Electrical engineers design the most sophisticated systems ever built. From computers with billions of transistors to microgrids fed by renewable energy sources, from algorithms that predict disease to solar cells and electric vehicles, electrical engineering touches all parts of modern society. We leverage computational, theoretical, and experimental tools to develop groundbreaking sensors and energy transducers, new physical substrates for computation, and the systems that address the shared challenges facing humanity.
Our research is interdisciplinary by nature, and has far-reaching effects on almost every field of human activity, including energy and climate, human health, communications and computation, finance and music. We make the future.
Our research covers a wide range of topics of this fast-evolving field, advancing how machines learn, predict, and control, while also making them secure, robust and trustworthy. Research covers both the theory and applications of ML. This broad area studies ML theory (algorithms, optimization, …), statistical learning (inference, graphical models, causal analysis, …), deep learning, reinforcement learning, symbolic reasoning ML systems, as well as diverse hardware implementations of ML.
We develop the technology and systems that will transform the future of biology and healthcare. Specific areas include biomedical sensors and electronics, nano- and micro-technologies, imaging, and computational modeling of disease.
We develop the next generation of wired and wireless communications systems, from new physical principles (e.g., light, terahertz waves) to coding and information theory, and everything in between.
We design the next generation of computer systems. Working at the intersection of hardware and software, our research studies how to best implement computation in the physical world. We design processors that are faster, more efficient, easier to program, and secure. Our research covers systems of all scales, from tiny Internet-of-Things devices with ultra-low-power consumption to high-performance servers and datacenters that power planet-scale online services. We design both general-purpose processors and accelerators that are specialized to particular application domains, like machine learning and storage. We also design Electronic Design Automation (EDA) tools to facilitate the development of such systems.
We bring some of the most powerful tools in computation to bear on design problems, including modeling, simulation, processing and fabrication.
Educational technology combines both hardware and software to enact global change, making education accessible in unprecedented ways to new audiences. We develop the technology that makes better understanding possible.
Our research spans a wide range of materials that form the next generation of devices, and includes groundbreaking research on graphene & 2D materials, quantum computing, MEMS & NEMS, and new substrates for computation.
Our research focuses on solving challenges related to the transduction, transmission, and control of energy and energy systems. We develop new materials for energy storage, devices and power electronics for harvesting, generation and processing of energy, and control of large-scale energy systems.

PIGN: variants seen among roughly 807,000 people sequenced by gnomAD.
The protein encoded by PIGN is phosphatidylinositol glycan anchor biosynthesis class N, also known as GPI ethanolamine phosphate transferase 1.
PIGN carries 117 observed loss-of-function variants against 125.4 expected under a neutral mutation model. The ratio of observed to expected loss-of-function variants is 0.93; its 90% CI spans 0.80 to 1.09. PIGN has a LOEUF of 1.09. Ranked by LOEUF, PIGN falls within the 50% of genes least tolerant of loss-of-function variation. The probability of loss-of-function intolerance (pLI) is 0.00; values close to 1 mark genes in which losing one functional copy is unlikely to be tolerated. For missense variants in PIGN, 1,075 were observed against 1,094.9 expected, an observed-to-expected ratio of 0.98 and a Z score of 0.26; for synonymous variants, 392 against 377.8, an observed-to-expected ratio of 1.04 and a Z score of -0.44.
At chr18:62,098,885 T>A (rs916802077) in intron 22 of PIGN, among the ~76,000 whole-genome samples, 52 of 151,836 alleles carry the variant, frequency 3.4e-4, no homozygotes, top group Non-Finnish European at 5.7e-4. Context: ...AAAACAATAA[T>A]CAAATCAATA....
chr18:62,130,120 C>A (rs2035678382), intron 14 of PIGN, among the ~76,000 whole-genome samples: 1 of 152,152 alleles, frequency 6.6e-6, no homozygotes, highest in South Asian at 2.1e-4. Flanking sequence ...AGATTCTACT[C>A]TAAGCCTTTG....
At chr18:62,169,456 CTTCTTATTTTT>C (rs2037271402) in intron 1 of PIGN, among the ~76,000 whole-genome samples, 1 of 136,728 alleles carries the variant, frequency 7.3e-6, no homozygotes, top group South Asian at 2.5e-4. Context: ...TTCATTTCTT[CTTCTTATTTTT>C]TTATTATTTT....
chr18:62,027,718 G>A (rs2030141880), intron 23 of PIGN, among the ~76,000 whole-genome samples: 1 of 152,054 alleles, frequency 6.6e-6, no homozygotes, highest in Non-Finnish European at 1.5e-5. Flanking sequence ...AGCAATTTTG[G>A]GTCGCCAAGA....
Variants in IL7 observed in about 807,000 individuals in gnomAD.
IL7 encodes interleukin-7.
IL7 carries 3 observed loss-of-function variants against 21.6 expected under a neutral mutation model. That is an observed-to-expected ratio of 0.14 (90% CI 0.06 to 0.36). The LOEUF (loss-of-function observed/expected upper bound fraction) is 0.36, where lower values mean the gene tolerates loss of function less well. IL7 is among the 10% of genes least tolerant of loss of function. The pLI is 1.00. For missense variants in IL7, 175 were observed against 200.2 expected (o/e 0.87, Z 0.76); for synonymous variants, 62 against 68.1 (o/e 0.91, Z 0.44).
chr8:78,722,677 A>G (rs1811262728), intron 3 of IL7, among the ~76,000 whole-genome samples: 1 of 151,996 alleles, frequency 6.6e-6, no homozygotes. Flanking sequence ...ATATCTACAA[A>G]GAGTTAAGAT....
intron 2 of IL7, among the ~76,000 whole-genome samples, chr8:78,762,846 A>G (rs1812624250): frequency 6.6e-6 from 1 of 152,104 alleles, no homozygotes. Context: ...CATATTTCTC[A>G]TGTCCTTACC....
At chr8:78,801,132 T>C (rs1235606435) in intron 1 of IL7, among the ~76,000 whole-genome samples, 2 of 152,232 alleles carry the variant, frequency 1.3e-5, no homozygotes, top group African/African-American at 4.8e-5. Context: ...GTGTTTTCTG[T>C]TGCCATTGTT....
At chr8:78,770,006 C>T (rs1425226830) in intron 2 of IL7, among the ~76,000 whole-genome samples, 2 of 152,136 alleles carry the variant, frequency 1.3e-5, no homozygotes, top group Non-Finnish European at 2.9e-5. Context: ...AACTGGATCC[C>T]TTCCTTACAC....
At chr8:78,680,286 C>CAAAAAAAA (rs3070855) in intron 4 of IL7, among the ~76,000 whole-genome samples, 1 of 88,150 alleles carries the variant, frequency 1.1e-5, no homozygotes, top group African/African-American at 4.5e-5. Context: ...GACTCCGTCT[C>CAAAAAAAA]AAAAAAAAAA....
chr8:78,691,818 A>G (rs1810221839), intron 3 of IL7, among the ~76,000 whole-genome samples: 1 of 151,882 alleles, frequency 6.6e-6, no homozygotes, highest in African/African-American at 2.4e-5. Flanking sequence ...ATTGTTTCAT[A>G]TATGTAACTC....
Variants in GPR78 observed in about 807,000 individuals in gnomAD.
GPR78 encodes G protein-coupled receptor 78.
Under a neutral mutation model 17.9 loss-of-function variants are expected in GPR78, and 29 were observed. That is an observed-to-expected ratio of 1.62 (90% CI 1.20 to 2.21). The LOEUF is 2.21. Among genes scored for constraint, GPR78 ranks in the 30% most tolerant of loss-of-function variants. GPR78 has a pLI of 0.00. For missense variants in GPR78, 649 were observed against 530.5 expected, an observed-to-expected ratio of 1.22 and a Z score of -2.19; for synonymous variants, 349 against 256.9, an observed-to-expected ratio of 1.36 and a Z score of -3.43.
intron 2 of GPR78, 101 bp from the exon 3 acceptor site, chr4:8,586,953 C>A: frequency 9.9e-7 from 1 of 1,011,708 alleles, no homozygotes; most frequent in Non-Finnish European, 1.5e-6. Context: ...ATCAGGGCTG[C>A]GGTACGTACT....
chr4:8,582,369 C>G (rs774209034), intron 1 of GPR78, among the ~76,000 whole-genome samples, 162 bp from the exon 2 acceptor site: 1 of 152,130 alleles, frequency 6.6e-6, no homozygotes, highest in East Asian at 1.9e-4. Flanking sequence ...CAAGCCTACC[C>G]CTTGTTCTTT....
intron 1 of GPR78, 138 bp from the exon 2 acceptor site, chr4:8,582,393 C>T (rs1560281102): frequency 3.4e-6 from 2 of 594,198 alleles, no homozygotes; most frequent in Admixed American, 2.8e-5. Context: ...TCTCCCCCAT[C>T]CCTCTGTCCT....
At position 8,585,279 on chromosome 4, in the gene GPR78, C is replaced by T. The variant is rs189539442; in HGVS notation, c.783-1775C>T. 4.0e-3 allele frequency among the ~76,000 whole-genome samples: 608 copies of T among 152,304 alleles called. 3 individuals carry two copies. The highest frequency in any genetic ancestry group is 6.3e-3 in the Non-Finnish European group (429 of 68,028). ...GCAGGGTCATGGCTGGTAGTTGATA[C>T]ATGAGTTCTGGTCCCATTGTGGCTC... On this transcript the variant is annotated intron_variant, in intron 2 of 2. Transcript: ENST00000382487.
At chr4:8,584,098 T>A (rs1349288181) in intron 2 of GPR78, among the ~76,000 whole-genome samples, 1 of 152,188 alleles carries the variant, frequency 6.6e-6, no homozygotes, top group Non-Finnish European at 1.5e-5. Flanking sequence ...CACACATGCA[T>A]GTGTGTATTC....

Our field deals with the design and creation of sophisticated circuits and systems for applications ranging from computation to sensing.
Our research focuses on the creation of materials and devices at the nano scale to create novel systems across a wide variety of application areas.
Our research focuses on robotic hardware and algorithms, from sensing to control to perception to manipulation.
Signal processing focuses on algorithms and hardware for analyzing, modifying and synthesizing signals and data, across a wide variety of application domains. As a technology it plays a key role in virtually every aspect of modern life including for example entertainment, communications, travel, health, defense and finance.
From distributed systems and databases to wireless, the research conducted by the systems and networking group aims to improve the performance, robustness, and ease of management of networks and computing systems.
Our theoretical research includes quantification of fundamental capabilities and limitations of feedback systems, inference and control over networks, and development of practical methods and algorithms for decision making under uncertainty.
Gene Dresselhaus, influential research scientist in solid-state physics, dies at 91
Over 50 years at MIT, Dresselhaus made lasting contributions to materials science within the research group of longtime collaborator and wife, Mildred Dresselhaus.
Aziza Almanakly, Belinda Li Selected to Receive Clare Boothe Luce Graduate Fellowship for Women
The rigorous selection process for this prestigious fellowship took into account the two students’ outstanding track record of scientific achievement and inquiry, as well as their contributions to the STEM community.
Allen Liu ’20, Alex Miller ’21, and Isabelle Yan Phinney ’20. Photos courtesy of the Hertz Foundation. The Fannie and John Hertz Foundation has selected three MIT students as…
Assistant Professor Long Ju and colleagues have built a new, customized version of a laboratory tool known as near-field infrared nanoscopy and spectroscopy for MIT users. It and…
Left to right: Álvaro Fernández Galiana, Fatima Hussain, Sirma Orguc, and Rebecca Pinals have been named as Schmidt Science Fellows, an honor created in 2017 to encourage young…